What is Cascara?
The world of coffee has seen a transformation of epic proportions in the last 30 years. While new brewing methods such as the Chemex and Nitro Cold-Brew have captured the fascination of caffeine lovers worldwide, the search for new beans, roasts and blends seems overshadowed by hip new coffee shops and pour-over techniques.
If you are looking for something “new” in the coffee world to sip on during your early morning wake-up routine, you might be interested in cascara—also known by many as “coffee cherry tea.”
So, What exactly is "Cascara"? 🤔
To understand exactly what cascara is, you have to understand exactly where it comes from:
One of the biggest misconceptions about coffee in general is that the coffee bean—that delicious, brown and roasted consumable you end up grinding—is a bean in the traditional sense (it's not). You see, coffee “beans” come from the coffee “cherries” on coffee trees. When farmers pick ripe coffee cherries from their trees, a long and arduous process of washing, drying, roasting and tasting unfolds over the course of months.
We will definitely dedicate an entire blog to this in the near future, but for now let’s circle back to the “washing” process, as this is where the coffee “beans” (technically the seeds of the coffee cherries) are usually separated from the skins that surround them.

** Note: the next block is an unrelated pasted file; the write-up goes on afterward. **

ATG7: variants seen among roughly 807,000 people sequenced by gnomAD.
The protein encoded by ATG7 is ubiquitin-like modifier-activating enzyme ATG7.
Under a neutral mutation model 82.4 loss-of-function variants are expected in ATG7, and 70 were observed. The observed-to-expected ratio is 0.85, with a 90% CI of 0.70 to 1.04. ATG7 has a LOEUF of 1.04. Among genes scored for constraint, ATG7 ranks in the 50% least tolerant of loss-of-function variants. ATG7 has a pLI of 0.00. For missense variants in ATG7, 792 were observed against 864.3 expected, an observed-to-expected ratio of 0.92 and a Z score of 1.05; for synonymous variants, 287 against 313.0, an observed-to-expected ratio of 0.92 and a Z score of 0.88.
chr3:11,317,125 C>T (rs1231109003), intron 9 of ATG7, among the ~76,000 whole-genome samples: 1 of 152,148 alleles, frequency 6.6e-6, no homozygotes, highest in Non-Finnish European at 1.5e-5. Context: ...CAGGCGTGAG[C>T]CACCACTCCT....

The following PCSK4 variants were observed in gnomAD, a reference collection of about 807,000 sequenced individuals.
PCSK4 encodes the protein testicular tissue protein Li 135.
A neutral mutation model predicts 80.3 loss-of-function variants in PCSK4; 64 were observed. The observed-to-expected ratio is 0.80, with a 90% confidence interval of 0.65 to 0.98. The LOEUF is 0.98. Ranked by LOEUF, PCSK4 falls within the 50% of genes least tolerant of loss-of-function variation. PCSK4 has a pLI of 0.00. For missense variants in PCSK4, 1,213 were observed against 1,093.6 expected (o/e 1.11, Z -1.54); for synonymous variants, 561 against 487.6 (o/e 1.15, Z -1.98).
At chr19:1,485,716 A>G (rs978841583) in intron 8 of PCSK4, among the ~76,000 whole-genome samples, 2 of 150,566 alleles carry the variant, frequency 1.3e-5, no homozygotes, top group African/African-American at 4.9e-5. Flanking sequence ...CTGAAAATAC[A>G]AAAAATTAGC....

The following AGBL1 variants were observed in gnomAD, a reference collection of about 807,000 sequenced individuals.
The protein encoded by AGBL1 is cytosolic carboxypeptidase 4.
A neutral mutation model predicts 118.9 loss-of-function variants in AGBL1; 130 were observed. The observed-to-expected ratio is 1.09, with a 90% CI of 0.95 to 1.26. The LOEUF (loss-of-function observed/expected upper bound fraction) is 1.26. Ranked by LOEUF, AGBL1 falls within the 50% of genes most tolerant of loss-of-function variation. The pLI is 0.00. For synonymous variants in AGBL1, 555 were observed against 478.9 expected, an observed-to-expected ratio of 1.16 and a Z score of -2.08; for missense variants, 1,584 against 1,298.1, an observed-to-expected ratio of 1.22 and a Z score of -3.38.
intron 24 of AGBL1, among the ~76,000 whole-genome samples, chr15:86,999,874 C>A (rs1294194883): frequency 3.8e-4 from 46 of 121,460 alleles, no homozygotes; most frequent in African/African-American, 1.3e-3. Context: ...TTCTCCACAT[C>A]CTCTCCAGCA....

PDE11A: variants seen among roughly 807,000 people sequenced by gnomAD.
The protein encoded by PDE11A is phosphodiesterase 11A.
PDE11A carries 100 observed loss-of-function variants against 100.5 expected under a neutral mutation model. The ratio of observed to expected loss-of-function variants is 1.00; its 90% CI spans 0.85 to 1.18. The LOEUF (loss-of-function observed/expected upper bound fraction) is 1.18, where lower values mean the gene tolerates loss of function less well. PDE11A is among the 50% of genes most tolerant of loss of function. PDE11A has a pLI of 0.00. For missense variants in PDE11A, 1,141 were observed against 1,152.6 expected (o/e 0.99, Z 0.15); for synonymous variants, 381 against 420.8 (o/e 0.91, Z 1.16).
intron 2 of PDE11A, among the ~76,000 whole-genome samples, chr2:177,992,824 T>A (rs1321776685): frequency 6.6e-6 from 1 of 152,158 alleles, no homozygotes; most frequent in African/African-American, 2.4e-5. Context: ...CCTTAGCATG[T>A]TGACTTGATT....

The best analogy I’ve ever been given about this point in the process is to think of a coffee cherry like an avocado: there is a seed, skin, and that mushy stuff in between those two things. In the coffee washing process, depending on the desired goal of the green bean supplier, the skins and mushy insides of coffee cherries are removed to access and dry the underlying seeds. This leaves a byproduct in the process called "cascara," or the outer protective skin of coffee cherries.
"[...] depending on the desired goal of the green bean supplier, the skins and mushy insides of coffee cherries are removed to access and dry the underlying seeds. This leaves a byproduct in the process called "cascara", or the outer protective skin of coffee cherries."
However, unlike an avocado, that coffee cherry skin has some practical use for the coffee consumer. Some coffee farmers might just compost or discard these skins, but others dry them for use in tea, simple syrups, cold brews and even cocktails.
The Alma Coffee family farms, Finca Terrerito, have been drying and using cascara for as long as we can remember! For years we used cascara as organic fertilizer around the farm; But, a few years ago we learned of the health benefits of drinking cascara and began to process it in our specialty air beds from specific varieties that would yield flavorful teas.
How is Cascara Used? ☕️
Although cascara houses the coffee cherry that eventually becomes a roasted coffee bean, its flavor notes couldn’t be further from a cup o’ joe. Cascara is often described as having a sweet, dry and/or fruity taste, which is probably why it is colloquially referred to as “coffee cherry tea” when brewed into its final form.